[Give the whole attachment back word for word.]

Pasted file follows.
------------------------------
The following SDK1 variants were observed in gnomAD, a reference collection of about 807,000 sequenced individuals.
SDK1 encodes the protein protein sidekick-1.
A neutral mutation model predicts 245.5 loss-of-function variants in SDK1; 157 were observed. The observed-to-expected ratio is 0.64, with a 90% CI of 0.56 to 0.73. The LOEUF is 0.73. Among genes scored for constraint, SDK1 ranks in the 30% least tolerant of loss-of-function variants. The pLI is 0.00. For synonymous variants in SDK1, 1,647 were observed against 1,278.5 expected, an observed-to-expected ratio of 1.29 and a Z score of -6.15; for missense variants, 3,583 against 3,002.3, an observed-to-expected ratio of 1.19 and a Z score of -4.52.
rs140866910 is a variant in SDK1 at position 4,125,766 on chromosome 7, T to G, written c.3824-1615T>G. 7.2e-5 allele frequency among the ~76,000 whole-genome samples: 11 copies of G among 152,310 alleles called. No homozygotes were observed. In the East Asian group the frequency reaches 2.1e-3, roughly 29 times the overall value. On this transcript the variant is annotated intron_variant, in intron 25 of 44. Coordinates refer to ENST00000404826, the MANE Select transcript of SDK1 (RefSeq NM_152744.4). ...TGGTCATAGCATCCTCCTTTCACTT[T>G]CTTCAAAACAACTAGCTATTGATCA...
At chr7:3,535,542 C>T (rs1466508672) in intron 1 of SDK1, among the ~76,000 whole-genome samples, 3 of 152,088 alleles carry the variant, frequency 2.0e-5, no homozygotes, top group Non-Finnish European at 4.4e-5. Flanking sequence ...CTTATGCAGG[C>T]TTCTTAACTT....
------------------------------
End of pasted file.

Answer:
The following SDK1 variants were observed in gnomAD, a reference collection of about 807,000 sequenced individuals.
SDK1 encodes the protein protein sidekick-1.
A neutral mutation model predicts 245.5 loss-of-function variants in SDK1; 157 were observed. The observed-to-expected ratio is 0.64, with a 90% CI of 0.56 to 0.73. The LOEUF is 0.73. Among genes scored for constraint, SDK1 ranks in the 30% least tolerant of loss-of-function variants. The pLI is 0.00. For synonymous variants in SDK1, 1,647 were observed against 1,278.5 expected, an observed-to-expected ratio of 1.29 and a Z score of -6.15; for missense variants, 3,583 against 3,002.3, an observed-to-expected ratio of 1.19 and a Z score of -4.52.
rs140866910 is a variant in SDK1 at position 4,125,766 on chromosome 7, T to G, written c.3824-1615T>G. 7.2e-5 allele frequency among the ~76,000 whole-genome samples: 11 copies of G among 152,310 alleles called. No homozygotes were observed. In the East Asian group the frequency reaches 2.1e-3, roughly 29 times the overall value. On this transcript the variant is annotated intron_variant, in intron 25 of 44. Coordinates refer to ENST00000404826, the MANE Select transcript of SDK1 (RefSeq NM_152744.4). ...TGGTCATAGCATCCTCCTTTCACTT[T>G]CTTCAAAACAACTAGCTATTGATCA...
At chr7:3,535,542 C>T (rs1466508672) in intron 1 of SDK1, among the ~76,000 whole-genome samples, 3 of 152,088 alleles carry the variant, frequency 2.0e-5, no homozygotes, top group Non-Finnish European at 4.4e-5. Flanking sequence ...CTTATGCAGG[C>T]TTCTTAACTT....